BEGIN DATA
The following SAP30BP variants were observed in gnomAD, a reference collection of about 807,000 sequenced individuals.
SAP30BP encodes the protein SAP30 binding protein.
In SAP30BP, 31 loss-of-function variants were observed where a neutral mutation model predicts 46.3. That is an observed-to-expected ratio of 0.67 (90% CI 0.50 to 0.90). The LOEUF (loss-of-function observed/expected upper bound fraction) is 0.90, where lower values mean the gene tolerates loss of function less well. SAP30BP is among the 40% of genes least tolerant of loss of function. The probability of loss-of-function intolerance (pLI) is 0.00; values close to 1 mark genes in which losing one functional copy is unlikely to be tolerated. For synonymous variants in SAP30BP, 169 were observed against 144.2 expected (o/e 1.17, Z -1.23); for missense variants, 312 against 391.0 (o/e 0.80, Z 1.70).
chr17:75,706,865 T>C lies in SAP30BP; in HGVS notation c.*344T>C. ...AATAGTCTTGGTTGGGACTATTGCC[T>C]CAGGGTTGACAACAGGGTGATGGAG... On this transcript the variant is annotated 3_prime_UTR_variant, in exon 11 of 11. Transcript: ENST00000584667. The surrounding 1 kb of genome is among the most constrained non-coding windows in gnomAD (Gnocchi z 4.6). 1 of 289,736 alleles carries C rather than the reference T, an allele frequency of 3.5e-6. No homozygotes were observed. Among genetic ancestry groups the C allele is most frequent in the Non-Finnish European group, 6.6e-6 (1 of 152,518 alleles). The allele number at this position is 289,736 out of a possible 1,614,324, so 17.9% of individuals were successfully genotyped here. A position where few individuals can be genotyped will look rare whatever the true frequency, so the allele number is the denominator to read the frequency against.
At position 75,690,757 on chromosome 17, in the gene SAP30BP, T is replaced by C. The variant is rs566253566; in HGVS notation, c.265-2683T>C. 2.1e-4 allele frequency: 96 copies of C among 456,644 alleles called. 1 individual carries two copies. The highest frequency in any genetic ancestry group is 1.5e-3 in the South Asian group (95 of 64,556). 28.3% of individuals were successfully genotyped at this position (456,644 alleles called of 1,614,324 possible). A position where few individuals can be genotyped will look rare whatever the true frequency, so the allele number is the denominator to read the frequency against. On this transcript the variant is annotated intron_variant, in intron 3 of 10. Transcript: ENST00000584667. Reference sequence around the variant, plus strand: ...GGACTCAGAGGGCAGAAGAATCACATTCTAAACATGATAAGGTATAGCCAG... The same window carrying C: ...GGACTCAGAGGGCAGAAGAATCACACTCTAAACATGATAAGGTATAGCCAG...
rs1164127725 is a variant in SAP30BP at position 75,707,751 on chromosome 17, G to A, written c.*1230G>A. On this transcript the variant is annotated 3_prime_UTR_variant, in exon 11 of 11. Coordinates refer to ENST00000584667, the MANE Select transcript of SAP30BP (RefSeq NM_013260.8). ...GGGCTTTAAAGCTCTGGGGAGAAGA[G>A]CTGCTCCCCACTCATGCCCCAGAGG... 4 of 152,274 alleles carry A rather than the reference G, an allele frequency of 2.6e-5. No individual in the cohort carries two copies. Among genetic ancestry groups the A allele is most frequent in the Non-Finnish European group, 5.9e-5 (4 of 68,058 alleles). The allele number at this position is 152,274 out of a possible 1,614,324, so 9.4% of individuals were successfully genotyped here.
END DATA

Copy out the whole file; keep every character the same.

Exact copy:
The following SAP30BP variants were observed in gnomAD, a reference collection of about 807,000 sequenced individuals.
SAP30BP encodes the protein SAP30 binding protein.
In SAP30BP, 31 loss-of-function variants were observed where a neutral mutation model predicts 46.3. That is an observed-to-expected ratio of 0.67 (90% CI 0.50 to 0.90). The LOEUF (loss-of-function observed/expected upper bound fraction) is 0.90, where lower values mean the gene tolerates loss of function less well. SAP30BP is among the 40% of genes least tolerant of loss of function. The probability of loss-of-function intolerance (pLI) is 0.00; values close to 1 mark genes in which losing one functional copy is unlikely to be tolerated. For synonymous variants in SAP30BP, 169 were observed against 144.2 expected (o/e 1.17, Z -1.23); for missense variants, 312 against 391.0 (o/e 0.80, Z 1.70).
chr17:75,706,865 T>C lies in SAP30BP; in HGVS notation c.*344T>C. ...AATAGTCTTGGTTGGGACTATTGCC[T>C]CAGGGTTGACAACAGGGTGATGGAG... On this transcript the variant is annotated 3_prime_UTR_variant, in exon 11 of 11. Transcript: ENST00000584667. The surrounding 1 kb of genome is among the most constrained non-coding windows in gnomAD (Gnocchi z 4.6). 1 of 289,736 alleles carries C rather than the reference T, an allele frequency of 3.5e-6. No homozygotes were observed. Among genetic ancestry groups the C allele is most frequent in the Non-Finnish European group, 6.6e-6 (1 of 152,518 alleles). The allele number at this position is 289,736 out of a possible 1,614,324, so 17.9% of individuals were successfully genotyped here. A position where few individuals can be genotyped will look rare whatever the true frequency, so the allele number is the denominator to read the frequency against.
At position 75,690,757 on chromosome 17, in the gene SAP30BP, T is replaced by C. The variant is rs566253566; in HGVS notation, c.265-2683T>C. 2.1e-4 allele frequency: 96 copies of C among 456,644 alleles called. 1 individual carries two copies. The highest frequency in any genetic ancestry group is 1.5e-3 in the South Asian group (95 of 64,556). 28.3% of individuals were successfully genotyped at this position (456,644 alleles called of 1,614,324 possible). A position where few individuals can be genotyped will look rare whatever the true frequency, so the allele number is the denominator to read the frequency against. On this transcript the variant is annotated intron_variant, in intron 3 of 10. Transcript: ENST00000584667. Reference sequence around the variant, plus strand: ...GGACTCAGAGGGCAGAAGAATCACATTCTAAACATGATAAGGTATAGCCAG... The same window carrying C: ...GGACTCAGAGGGCAGAAGAATCACACTCTAAACATGATAAGGTATAGCCAG...
rs1164127725 is a variant in SAP30BP at position 75,707,751 on chromosome 17, G to A, written c.*1230G>A. On this transcript the variant is annotated 3_prime_UTR_variant, in exon 11 of 11. Coordinates refer to ENST00000584667, the MANE Select transcript of SAP30BP (RefSeq NM_013260.8). ...GGGCTTTAAAGCTCTGGGGAGAAGA[G>A]CTGCTCCCCACTCATGCCCCAGAGG... 4 of 152,274 alleles carry A rather than the reference G, an allele frequency of 2.6e-5. No individual in the cohort carries two copies. Among genetic ancestry groups the A allele is most frequent in the Non-Finnish European group, 5.9e-5 (4 of 68,058 alleles). The allele number at this position is 152,274 out of a possible 1,614,324, so 9.4% of individuals were successfully genotyped here.